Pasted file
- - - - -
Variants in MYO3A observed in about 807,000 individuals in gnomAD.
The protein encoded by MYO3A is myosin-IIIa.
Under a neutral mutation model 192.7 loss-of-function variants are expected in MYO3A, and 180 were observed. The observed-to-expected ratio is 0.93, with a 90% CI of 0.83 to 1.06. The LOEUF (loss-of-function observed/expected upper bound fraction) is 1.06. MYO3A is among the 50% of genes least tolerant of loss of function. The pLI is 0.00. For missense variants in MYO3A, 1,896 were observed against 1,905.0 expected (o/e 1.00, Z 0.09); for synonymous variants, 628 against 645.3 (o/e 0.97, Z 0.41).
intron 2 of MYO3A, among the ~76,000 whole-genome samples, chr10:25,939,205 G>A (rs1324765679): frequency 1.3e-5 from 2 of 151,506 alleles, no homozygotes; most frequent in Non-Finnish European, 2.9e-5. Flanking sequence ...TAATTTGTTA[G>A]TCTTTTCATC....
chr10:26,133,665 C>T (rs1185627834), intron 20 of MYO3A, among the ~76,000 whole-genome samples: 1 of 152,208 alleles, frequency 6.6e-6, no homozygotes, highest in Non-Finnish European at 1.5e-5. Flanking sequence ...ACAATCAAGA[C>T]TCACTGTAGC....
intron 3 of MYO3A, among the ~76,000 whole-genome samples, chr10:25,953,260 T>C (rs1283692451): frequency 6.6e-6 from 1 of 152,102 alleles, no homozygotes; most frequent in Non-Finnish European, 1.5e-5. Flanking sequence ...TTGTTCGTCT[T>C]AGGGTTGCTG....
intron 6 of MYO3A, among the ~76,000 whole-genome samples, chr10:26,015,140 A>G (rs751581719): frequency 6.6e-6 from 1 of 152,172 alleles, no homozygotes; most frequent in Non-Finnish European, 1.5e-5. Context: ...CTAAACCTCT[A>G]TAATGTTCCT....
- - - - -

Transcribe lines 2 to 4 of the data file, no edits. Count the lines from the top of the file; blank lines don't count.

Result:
The protein encoded by MYO3A is myosin-IIIa.
Under a neutral mutation model 192.7 loss-of-function variants are expected in MYO3A, and 180 were observed. The observed-to-expected ratio is 0.93, with a 90% CI of 0.83 to 1.06. The LOEUF (loss-of-function observed/expected upper bound fraction) is 1.06. MYO3A is among the 50% of genes least tolerant of loss of function. The pLI is 0.00. For missense variants in MYO3A, 1,896 were observed against 1,905.0 expected (o/e 1.00, Z 0.09); for synonymous variants, 628 against 645.3 (o/e 0.97, Z 0.41).
intron 2 of MYO3A, among the ~76,000 whole-genome samples, chr10:25,939,205 G>A (rs1324765679): frequency 1.3e-5 from 2 of 151,506 alleles, no homozygotes; most frequent in Non-Finnish European, 2.9e-5. Flanking sequence ...TAATTTGTTA[G>A]TCTTTTCATC....